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Straight and rust free. I own a race prep/restoration shop and anytime I are looking to build a car or build one for someone else I look for rust. If any strucural part, which is just about anything on unibodies, has rust, you will have a hell of a time when it comes to set up and suspension tuning. I have seen guys chase "ghosts" as the data does not relate to the changes becasue of the weak strucutre. The grip levals will quickly make cracks and kinks in any rusty body. Any other frame damage or bent suspension peices is a killer too. What may look like a bent control arm can become a bent subframe adn so on. I hate to put a kabash on your plans, but I would spend the extra coin and get rust free, much better in the long run. So yeah, buying them used is cheeper, but someone has to build it. Good luck and great racing!!!
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Old 11-10-06, 04:32 PM
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I would also say that it would be best to start rust free. That being said, I also happen to be an AE86 owner. The common rust spots are the lips of the outer wheelwells, especially on the GT-S model that included fender trim which has likely fallen off and rusted in that area. This may not be that big of an issue if you plan on cutting the fenders out and adding flares. Also check in the trunk area, down low by the rear sidemarker lights. Water likes to hang out there. Also check the front floorpan. If the car is rain driven, water likes to leak down there through the most-likely-damaged lower windshield weatherstripping, and then soak up through the carpet. It can also make the headlights go all goofball on you.

Other than that, enjoy the hell out of it if you find one. The car will teach you a lot. And even though it's not as "fast," it's definitely just as much fun as an FD.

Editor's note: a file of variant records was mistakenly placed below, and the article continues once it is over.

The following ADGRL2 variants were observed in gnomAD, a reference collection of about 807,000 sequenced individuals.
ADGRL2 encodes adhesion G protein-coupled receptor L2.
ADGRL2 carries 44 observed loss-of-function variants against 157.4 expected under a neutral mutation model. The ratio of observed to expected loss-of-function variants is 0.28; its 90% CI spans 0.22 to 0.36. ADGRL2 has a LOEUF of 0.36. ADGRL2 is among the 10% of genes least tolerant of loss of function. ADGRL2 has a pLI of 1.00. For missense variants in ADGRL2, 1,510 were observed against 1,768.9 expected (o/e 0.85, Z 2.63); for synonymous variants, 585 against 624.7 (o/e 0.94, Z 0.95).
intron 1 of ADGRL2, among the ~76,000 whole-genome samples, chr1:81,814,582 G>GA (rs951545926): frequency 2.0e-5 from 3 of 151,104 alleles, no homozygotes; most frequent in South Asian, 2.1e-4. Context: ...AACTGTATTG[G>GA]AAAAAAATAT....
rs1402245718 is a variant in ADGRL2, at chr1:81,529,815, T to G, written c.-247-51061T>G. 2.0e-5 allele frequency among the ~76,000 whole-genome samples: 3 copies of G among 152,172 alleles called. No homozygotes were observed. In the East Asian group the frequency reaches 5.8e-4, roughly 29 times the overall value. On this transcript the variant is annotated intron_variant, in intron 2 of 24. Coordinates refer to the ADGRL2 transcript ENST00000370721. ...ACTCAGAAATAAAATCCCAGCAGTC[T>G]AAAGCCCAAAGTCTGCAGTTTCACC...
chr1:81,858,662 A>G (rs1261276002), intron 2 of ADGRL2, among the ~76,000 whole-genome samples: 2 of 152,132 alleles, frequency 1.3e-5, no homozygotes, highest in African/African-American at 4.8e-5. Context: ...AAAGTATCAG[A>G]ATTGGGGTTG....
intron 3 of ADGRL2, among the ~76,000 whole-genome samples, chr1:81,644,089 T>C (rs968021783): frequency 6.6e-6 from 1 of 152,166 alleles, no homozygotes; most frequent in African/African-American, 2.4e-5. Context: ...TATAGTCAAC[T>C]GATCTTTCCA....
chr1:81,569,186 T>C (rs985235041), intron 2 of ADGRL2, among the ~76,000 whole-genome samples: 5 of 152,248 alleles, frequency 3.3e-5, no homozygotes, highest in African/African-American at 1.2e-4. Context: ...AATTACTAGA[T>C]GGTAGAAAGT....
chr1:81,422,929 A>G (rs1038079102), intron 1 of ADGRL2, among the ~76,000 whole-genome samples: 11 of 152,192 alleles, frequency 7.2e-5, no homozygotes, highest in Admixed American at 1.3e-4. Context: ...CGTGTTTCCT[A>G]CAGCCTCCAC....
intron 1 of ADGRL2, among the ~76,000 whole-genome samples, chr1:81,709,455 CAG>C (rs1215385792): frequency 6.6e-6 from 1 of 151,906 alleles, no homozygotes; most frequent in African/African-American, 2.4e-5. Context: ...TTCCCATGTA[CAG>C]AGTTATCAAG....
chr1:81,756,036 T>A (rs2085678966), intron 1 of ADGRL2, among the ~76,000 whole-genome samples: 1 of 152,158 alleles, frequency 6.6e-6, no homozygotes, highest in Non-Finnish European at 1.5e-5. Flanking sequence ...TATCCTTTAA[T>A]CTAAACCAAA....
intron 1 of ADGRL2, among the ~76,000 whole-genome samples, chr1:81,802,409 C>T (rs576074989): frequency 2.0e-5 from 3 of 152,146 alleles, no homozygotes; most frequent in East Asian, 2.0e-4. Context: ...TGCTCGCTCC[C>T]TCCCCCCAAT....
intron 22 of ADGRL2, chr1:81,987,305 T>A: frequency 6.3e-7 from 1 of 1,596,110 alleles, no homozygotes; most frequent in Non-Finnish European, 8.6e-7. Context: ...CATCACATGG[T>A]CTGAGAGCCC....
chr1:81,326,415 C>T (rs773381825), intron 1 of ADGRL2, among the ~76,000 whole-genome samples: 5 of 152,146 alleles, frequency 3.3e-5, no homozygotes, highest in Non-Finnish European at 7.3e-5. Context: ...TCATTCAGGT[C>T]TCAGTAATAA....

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Old 11-14-06, 11:44 AM
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I've built a few cars now and I always try to give it a good inspection for any signs of collision damage. Any crumple, tweak twist or visible distortion in the internal structure (engine bay inner fenders, strut mounts, etc). The main rails on the underside of the car should be straight and rust free and all the suspension mounting points should be straight and clean. If the car looks like it's been jumped over rockpiles on the underside, walk away. If you can afford it and you think you have a good shell, get it alkaline dipped to remove all the paint and noiseproofing, etc. With a complettely stripped shell you know what you have to work with.
You can see some of the pics from my buildup at:

www.rxracing.com


-Trent
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Old 11-14-06, 10:02 PM
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(not unlike most of us) we dont want to see facts, the cost of the doner car is really nothing compared to the rest of the build, rust cannot be overcome in a race car body, the car is not strong enough when rust free and you need all the strength the factory built in, walk away from the rusty car..........you are going to overstress evey spot weld on that body, do you want rust in that equation........